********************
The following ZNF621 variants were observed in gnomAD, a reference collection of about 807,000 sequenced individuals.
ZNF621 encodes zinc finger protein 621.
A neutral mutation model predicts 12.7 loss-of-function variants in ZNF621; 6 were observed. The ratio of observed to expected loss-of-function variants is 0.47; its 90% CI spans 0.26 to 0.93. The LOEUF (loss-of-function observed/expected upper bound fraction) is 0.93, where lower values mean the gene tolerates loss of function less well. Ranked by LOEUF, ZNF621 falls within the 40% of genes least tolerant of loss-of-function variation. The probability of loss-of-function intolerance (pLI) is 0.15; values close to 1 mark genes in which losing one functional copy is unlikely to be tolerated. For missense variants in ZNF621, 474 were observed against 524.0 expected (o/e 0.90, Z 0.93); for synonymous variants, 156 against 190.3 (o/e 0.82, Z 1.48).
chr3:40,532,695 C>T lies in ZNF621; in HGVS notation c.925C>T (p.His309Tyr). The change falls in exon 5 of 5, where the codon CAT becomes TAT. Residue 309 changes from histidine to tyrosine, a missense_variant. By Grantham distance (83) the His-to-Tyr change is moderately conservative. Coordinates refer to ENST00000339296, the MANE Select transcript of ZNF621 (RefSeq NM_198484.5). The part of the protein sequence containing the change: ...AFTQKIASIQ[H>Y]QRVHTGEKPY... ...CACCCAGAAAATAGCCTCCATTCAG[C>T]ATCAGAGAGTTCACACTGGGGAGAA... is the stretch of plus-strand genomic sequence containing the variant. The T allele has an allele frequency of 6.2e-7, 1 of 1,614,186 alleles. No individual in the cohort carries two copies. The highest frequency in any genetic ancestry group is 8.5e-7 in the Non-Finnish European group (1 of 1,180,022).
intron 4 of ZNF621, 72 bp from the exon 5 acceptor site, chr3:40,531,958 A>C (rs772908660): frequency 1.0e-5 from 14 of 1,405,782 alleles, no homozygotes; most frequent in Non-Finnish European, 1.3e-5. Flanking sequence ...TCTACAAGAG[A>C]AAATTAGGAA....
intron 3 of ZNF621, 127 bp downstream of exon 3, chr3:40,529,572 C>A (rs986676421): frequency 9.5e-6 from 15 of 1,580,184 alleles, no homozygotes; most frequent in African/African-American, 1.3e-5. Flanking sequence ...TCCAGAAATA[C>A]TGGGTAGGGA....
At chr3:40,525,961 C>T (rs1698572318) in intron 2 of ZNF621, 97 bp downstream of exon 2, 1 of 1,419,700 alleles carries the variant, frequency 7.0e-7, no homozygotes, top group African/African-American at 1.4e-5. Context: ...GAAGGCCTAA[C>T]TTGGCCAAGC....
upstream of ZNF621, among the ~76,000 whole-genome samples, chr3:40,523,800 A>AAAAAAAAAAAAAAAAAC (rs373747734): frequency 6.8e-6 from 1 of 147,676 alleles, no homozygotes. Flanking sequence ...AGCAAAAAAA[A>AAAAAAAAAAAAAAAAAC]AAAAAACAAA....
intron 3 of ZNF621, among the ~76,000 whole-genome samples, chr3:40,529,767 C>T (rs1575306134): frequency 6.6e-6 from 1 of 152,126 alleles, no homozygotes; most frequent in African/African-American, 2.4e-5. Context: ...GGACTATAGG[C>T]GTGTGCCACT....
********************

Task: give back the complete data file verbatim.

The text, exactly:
The following ZNF621 variants were observed in gnomAD, a reference collection of about 807,000 sequenced individuals.
ZNF621 encodes zinc finger protein 621.
A neutral mutation model predicts 12.7 loss-of-function variants in ZNF621; 6 were observed. The ratio of observed to expected loss-of-function variants is 0.47; its 90% CI spans 0.26 to 0.93. The LOEUF (loss-of-function observed/expected upper bound fraction) is 0.93, where lower values mean the gene tolerates loss of function less well. Ranked by LOEUF, ZNF621 falls within the 40% of genes least tolerant of loss-of-function variation. The probability of loss-of-function intolerance (pLI) is 0.15; values close to 1 mark genes in which losing one functional copy is unlikely to be tolerated. For missense variants in ZNF621, 474 were observed against 524.0 expected (o/e 0.90, Z 0.93); for synonymous variants, 156 against 190.3 (o/e 0.82, Z 1.48).
chr3:40,532,695 C>T lies in ZNF621; in HGVS notation c.925C>T (p.His309Tyr). The change falls in exon 5 of 5, where the codon CAT becomes TAT. Residue 309 changes from histidine to tyrosine, a missense_variant. By Grantham distance (83) the His-to-Tyr change is moderately conservative. Coordinates refer to ENST00000339296, the MANE Select transcript of ZNF621 (RefSeq NM_198484.5). The part of the protein sequence containing the change: ...AFTQKIASIQ[H>Y]QRVHTGEKPY... ...CACCCAGAAAATAGCCTCCATTCAG[C>T]ATCAGAGAGTTCACACTGGGGAGAA... is the stretch of plus-strand genomic sequence containing the variant. The T allele has an allele frequency of 6.2e-7, 1 of 1,614,186 alleles. No individual in the cohort carries two copies. The highest frequency in any genetic ancestry group is 8.5e-7 in the Non-Finnish European group (1 of 1,180,022).
intron 4 of ZNF621, 72 bp from the exon 5 acceptor site, chr3:40,531,958 A>C (rs772908660): frequency 1.0e-5 from 14 of 1,405,782 alleles, no homozygotes; most frequent in Non-Finnish European, 1.3e-5. Flanking sequence ...TCTACAAGAG[A>C]AAATTAGGAA....
intron 3 of ZNF621, 127 bp downstream of exon 3, chr3:40,529,572 C>A (rs986676421): frequency 9.5e-6 from 15 of 1,580,184 alleles, no homozygotes; most frequent in African/African-American, 1.3e-5. Flanking sequence ...TCCAGAAATA[C>A]TGGGTAGGGA....
At chr3:40,525,961 C>T (rs1698572318) in intron 2 of ZNF621, 97 bp downstream of exon 2, 1 of 1,419,700 alleles carries the variant, frequency 7.0e-7, no homozygotes, top group African/African-American at 1.4e-5. Context: ...GAAGGCCTAA[C>T]TTGGCCAAGC....
upstream of ZNF621, among the ~76,000 whole-genome samples, chr3:40,523,800 A>AAAAAAAAAAAAAAAAAC (rs373747734): frequency 6.8e-6 from 1 of 147,676 alleles, no homozygotes. Flanking sequence ...AGCAAAAAAA[A>AAAAAAAAAAAAAAAAAC]AAAAAACAAA....
intron 3 of ZNF621, among the ~76,000 whole-genome samples, chr3:40,529,767 C>T (rs1575306134): frequency 6.6e-6 from 1 of 152,126 alleles, no homozygotes; most frequent in African/African-American, 2.4e-5. Context: ...GGACTATAGG[C>T]GTGTGCCACT....